Wednesday, August 23, 2017

"Let It All Blow" by Dazz Band

Song#:  2140
Date:  12/01/1984
Debut:  95
Peak:  84
Weeks:  7
Genre:  R&B, Electro-Funk

Pop Bits:  The two albums that followed their Grammy-winning #5 hit "Let It Whip" did fine at R&B with both getting to #12. Each LP also featured a #9 R&B single ("On the One for Fun" and "Joystick"). However, they just couldn't seem to crossover again to the Pop chart in a major way. Their third attempt came via their sixth album, Jukebox. To get things started, this first single was issued. Like their previous two #9 hits at R&B, this one also hit that same mark. Unfortunately, like their previous hits, it did not do well at Pop. It circled the lower quarter of the chart for a few weeks and then disappeared. It would be their last single to reach the Pop chart and their final one to reach the R&B Top 10. They would continue to record and get some songs posted on the R&B chart, but their peak days would start to wane after this single.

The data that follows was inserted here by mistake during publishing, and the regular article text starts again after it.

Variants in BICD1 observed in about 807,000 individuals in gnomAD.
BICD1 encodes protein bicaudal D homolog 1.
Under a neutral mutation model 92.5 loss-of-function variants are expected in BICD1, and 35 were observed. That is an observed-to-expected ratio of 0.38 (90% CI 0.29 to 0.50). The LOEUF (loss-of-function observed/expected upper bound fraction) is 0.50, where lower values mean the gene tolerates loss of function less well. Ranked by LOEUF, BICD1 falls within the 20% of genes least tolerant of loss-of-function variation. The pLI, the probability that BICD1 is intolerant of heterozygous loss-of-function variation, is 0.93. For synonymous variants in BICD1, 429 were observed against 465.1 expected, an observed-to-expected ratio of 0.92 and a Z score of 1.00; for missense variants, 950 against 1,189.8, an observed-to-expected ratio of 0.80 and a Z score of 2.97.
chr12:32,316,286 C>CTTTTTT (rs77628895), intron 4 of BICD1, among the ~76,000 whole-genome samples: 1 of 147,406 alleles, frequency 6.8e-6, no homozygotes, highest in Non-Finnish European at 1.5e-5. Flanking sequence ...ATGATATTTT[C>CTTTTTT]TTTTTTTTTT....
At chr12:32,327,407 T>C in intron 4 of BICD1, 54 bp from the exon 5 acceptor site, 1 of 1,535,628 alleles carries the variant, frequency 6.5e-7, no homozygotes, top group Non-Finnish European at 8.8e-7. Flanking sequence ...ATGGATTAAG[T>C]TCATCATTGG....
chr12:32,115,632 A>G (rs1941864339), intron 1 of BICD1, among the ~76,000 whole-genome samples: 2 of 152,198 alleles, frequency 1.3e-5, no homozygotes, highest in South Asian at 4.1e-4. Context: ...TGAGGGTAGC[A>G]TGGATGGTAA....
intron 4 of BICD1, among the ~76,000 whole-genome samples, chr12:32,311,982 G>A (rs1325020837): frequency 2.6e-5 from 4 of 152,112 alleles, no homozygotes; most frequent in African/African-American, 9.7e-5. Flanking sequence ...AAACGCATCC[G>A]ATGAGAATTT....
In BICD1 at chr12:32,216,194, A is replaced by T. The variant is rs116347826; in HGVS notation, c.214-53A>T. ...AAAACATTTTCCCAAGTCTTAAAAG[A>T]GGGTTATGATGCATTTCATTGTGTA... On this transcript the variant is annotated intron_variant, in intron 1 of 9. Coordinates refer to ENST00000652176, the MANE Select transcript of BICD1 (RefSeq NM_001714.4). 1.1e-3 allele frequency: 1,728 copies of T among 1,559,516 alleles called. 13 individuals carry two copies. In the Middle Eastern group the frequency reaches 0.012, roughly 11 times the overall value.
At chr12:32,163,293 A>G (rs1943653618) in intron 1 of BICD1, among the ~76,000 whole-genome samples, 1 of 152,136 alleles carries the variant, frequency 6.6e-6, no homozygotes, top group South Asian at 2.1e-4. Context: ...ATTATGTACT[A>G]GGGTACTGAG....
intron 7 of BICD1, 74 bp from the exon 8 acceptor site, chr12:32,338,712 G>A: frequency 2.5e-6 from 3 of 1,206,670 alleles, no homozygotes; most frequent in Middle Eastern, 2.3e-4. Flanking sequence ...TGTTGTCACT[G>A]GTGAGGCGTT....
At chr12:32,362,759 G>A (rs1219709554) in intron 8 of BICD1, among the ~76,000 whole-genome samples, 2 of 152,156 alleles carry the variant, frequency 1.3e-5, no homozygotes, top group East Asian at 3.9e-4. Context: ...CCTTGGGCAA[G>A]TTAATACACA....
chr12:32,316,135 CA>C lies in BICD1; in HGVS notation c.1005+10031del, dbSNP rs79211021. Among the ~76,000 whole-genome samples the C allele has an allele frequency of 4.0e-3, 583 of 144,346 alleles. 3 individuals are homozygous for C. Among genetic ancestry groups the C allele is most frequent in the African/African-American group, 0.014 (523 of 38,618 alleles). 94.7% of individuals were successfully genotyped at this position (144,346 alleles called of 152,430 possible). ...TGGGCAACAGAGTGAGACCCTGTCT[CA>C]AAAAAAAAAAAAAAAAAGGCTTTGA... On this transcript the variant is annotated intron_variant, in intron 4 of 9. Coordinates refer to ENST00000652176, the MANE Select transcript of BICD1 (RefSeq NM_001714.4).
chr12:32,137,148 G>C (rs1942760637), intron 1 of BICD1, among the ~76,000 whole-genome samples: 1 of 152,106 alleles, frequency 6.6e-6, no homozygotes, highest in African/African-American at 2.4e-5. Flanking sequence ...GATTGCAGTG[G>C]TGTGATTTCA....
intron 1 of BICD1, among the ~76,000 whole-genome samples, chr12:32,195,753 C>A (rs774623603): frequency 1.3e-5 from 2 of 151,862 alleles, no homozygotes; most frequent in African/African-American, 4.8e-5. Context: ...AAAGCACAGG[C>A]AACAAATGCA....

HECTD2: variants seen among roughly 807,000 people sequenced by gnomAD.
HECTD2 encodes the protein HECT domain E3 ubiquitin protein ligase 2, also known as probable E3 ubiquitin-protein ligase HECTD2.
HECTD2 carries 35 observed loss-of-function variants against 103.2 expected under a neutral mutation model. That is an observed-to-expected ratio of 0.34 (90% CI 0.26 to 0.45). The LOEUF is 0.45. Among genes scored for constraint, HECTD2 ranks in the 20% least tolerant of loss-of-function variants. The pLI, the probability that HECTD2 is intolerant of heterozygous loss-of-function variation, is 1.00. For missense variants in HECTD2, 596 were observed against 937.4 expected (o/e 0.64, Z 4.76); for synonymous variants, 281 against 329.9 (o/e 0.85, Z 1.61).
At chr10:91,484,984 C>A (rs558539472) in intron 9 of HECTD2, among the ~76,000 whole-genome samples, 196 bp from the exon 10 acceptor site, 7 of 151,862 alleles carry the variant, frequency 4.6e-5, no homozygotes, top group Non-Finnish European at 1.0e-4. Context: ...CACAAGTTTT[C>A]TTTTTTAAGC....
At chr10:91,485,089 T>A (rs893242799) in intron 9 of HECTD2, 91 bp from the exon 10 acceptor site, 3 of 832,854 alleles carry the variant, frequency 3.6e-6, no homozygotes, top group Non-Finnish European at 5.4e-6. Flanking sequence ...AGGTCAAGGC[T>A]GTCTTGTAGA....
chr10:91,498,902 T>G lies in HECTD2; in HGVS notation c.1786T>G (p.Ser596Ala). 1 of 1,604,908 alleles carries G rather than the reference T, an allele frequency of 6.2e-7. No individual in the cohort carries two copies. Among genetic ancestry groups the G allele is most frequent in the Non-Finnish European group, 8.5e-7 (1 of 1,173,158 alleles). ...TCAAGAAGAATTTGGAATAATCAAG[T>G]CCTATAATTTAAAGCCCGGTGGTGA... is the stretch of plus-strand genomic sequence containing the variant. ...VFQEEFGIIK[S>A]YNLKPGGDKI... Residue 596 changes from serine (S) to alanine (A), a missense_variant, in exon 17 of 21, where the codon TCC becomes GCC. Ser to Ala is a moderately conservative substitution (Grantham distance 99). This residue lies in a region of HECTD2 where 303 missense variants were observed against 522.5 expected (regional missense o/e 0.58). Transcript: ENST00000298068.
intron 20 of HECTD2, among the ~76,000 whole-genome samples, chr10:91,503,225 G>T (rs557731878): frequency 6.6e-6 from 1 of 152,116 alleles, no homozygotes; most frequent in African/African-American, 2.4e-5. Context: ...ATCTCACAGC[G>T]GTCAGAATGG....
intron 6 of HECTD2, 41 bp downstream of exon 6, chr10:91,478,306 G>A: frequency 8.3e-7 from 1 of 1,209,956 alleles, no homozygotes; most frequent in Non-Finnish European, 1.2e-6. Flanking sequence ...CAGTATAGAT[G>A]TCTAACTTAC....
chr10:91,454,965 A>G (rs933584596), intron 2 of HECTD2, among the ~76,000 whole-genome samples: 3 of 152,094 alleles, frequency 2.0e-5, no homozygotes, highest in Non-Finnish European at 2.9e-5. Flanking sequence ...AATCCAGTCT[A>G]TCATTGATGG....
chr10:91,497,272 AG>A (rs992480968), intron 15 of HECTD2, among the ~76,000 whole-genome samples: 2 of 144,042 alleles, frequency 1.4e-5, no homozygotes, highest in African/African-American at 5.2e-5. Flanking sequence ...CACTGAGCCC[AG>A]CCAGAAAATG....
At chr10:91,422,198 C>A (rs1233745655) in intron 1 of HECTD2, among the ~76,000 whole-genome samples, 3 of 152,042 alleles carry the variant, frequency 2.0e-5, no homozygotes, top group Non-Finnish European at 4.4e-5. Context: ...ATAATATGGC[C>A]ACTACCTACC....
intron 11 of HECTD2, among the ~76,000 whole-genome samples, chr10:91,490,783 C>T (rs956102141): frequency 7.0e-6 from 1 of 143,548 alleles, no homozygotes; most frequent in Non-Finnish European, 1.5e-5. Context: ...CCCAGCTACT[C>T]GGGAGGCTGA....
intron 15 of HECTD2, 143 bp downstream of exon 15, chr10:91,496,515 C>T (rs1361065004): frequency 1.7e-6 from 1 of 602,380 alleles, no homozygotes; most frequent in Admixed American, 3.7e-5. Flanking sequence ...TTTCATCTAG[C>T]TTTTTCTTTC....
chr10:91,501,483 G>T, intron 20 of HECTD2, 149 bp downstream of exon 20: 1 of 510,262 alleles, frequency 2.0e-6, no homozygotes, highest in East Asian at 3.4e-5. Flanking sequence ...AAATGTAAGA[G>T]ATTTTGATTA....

ReduxReview:  Armed with new technology that was certainly on display during the opening of this song, the band continued with their brand of funk for the 80s. This time, they decided to let the groove speak for itself and limited the vocals to just a few sections. Although it is a delicious groove full of 80s synth inflections and effects, the problem is that there is no real hook. It's quite fun to listen to, but without some kind of memorable hook, the tune ends up being forgettable.

ReduxRating:  6/10

Trivia:  Like "Let It Whip," this song was co-written and co-produced by Reggie Andrews. Andrews, who worked behind the scenes and was not a band member, had been working with the band since their debut LP in 1980. He stepped into the producer's role with their third album and guided their biggest seller, Keep It Live, which featured "Let It Whip." He would continue to work with the band through to the Jukebox LP, which would be his last with them. Andrews attempted his own career in the mid-70s. He joined up with the R&B/fusion group Karma. That band would sign with Horizon Records (an A&M label) and issue two LPs in 1976 and 1977. Their first album, Celebration, would include their only significant hit, the #10 Dance track "Funk de Mambo." After two albums with little results, the band broke up and Andrews turned to studio work. Soon he would hook up with the Dazz Band.


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